Exponential type size of async function

I'm making an async function for a library. It's not very big, but yet I'm meeting the error:


error: reached the type-length limit while instantiating `std::pin::Pin::<&mut std::future...}[1]::poll[0]::{{closure}}[0])]>`
    |
    = note: consider adding a `#![type_length_limit="9479903"]` attribute to your crate

error: aborting due to previous error

Commit: https://github.com/Ploppz/s3-upload/tree/e3168d83b73ad373c928a89b1bdca1d01da4299e
Async function in question: https://github.com/Ploppz/s3-upload/blob/e3168d83b73ad373c928a89b1bdca1d01da4299e/src/lib.rs#L75

I have asked around and it seems nobody knows how to overcome this and only suggest that I do as the error suggests. But that makes for a long compile time; and I suppose it also requires the type_length_limit in any crate that uses my library.

I really want to get to the bottom of what part of my code is the 'bottleneck'.
In the linked-to commit I have adjusted the type length limits to be just enough to compile the tests (cargo test). It required a limit of 10 million. How can it possibly get this high? I know it's the return type that becomes complex due to combinators and what-not that are applied on the futures in the function but I only have some ten-fold of combinators/wrappers, so there must be some exponential growth at play here?

Now hold on to your hats because what I did next was to try to use #[tokio::test] async fn ... in tests. Diff: https://github.com/Ploppz/s3-upload/commit/71d2a668a4e2fb104428046f77a93a0ce0a19e9f (ignore the example).

Now I get:

error: reached the type-length limit while instantiating `std::pin::Pin::<&mut std::future...}[1]::poll[0]::{{closure}}[0])]>`
    |
    = note: consider adding a `#![type_length_limit="18960398"]` attribute to your crate

It almost doubled from 10 million to 19 million just because I now call the problematic async function from inside an async function. How is that possible? Is it a bug?

1 Like

The proposed fix is found here. Basically the issue is that when functions have a signature like this:

fn then<Fut, F>(self, f: F) -> Then<Self, Fut, F> where
    F: FnOnce(Self::Output) -> Fut,
    Fut: Future,

The return type Then includes the type of Fut in both F and Fut, thus the exponential growth. You can fight this by hiding types with Box<dyn Future>.

I think that writing your code with async await instead of combinators is also likely to decrease the type size.

5 Likes

That makes sense, thanks a ton!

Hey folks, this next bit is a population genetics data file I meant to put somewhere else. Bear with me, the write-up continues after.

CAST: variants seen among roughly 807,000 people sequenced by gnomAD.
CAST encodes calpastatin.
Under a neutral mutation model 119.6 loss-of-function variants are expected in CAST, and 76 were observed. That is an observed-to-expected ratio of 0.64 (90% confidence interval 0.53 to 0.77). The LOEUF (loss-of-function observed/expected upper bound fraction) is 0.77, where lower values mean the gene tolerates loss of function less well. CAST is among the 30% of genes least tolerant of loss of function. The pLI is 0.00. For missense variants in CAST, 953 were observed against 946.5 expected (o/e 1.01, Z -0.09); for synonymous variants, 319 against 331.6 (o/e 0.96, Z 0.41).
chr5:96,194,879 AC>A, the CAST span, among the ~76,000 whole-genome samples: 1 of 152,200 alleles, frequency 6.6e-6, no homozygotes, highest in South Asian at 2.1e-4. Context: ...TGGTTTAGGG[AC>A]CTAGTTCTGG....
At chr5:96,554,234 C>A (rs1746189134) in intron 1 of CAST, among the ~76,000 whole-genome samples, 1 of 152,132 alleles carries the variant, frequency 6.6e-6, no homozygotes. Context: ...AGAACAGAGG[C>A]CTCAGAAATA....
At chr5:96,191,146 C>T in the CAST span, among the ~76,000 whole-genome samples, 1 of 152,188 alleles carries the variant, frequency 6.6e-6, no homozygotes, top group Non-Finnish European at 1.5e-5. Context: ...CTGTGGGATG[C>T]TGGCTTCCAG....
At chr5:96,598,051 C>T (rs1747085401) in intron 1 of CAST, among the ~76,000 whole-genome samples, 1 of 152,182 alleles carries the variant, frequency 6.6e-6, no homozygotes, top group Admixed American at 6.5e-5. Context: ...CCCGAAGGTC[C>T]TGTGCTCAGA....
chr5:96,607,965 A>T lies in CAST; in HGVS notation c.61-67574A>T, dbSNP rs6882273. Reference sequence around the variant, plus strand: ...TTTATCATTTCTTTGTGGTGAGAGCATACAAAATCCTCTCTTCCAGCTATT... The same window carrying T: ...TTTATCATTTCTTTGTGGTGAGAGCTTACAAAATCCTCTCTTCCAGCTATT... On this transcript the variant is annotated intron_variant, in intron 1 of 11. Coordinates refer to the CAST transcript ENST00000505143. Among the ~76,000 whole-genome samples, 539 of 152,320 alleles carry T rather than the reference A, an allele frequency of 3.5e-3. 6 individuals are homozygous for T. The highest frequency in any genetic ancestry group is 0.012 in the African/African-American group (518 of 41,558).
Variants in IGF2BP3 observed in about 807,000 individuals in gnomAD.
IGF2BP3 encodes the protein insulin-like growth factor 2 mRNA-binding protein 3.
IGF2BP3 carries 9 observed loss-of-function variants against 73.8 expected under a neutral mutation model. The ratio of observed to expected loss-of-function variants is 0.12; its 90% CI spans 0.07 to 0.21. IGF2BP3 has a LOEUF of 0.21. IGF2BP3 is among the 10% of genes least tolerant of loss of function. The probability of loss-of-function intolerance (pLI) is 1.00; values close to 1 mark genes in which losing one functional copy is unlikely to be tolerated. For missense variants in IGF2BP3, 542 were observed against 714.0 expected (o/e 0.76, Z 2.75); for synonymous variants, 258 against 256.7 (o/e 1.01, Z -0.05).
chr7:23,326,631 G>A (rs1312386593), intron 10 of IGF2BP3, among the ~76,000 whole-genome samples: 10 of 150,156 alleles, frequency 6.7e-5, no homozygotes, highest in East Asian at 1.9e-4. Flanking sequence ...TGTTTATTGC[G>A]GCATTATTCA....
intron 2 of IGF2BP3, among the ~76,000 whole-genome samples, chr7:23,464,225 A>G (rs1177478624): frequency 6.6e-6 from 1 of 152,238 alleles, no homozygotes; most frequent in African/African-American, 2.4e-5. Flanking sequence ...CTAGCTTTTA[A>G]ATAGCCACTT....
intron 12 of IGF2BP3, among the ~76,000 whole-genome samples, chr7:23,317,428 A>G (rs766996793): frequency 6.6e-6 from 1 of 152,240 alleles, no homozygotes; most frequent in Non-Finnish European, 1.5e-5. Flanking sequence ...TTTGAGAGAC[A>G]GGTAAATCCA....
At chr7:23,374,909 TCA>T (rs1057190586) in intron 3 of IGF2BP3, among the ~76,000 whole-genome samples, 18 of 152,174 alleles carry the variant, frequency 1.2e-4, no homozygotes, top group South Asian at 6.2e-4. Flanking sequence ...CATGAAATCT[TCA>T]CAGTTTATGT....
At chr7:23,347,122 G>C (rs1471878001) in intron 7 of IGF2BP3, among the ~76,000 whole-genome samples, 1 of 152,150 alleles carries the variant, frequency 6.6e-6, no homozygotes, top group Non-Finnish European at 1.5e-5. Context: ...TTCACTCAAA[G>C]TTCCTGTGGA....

2 Likes

Expanding on @alice with an example, I recently hit this type length limit issue working with async/await and streams. I specifically was doing this:

let stream = stream::iter(vec![1,2,3]);
let stream_senders_fut =  stream.for_each_concurrent(3, |num| async move {
    do_async_stuff(num).await;
    // I didn't need to return anything here in this example
});

...and got "error: reached the type-length limit while instantiating XXX"
To solve the problem in the simplest way and drastically speed up compile time, I Pin::box'ed the future like this:

let stream = stream::iter(vec![1,2,3]);
// I specify the return type on stream_fut as Pin<Box<...>> while specifying the future Output as () because that is what the future resolves to
let stream_fut: Pin<Box<dyn Future<Output=()>>> = Box::pin(stream.for_each_concurrent(3, |num| async move { 
    do_async_stuff(num).await;
}));

I could then satisfyingly remove the #![type_length_limit="6954178"] as well as recompile in milliseconds vs minutes.

I hope this helps someone else struggling with this!

Thanks for sharing your experience.
Why not just .boxed() on the future? (what is the difference?)
I solved my problem by putting .boxed() behind a future. Only in one place actually.

Here is why:

the trait `std::marker::Unpin` is not implemented for `dyn core::future::future::Future<Output = ()>`

And the best description I could back up why this error is important is:

The main point made is that, without the pinning constraint, you could safely move the future out of a Box into a new Box and poll it from multiple memory locations, which would be unsound.

I cannot give a real underlying reason as to why your's is not throwing this error when compiling, but maybe a more seasoned pinning/future expert can jump in and explain. My main goal was to give another option to solve this problem and provide a high-level reason as to why it works. Either way, I hope it helps if you end up in the same situation!

I assume @Ploppz is referring to FutureExt::boxed, which indeed returns a Pin<Box<...>>. It should be equivalent to what you're doing.

Thanks @alice! It was hard for me to tell what type was being returned in his code without seeing all the code.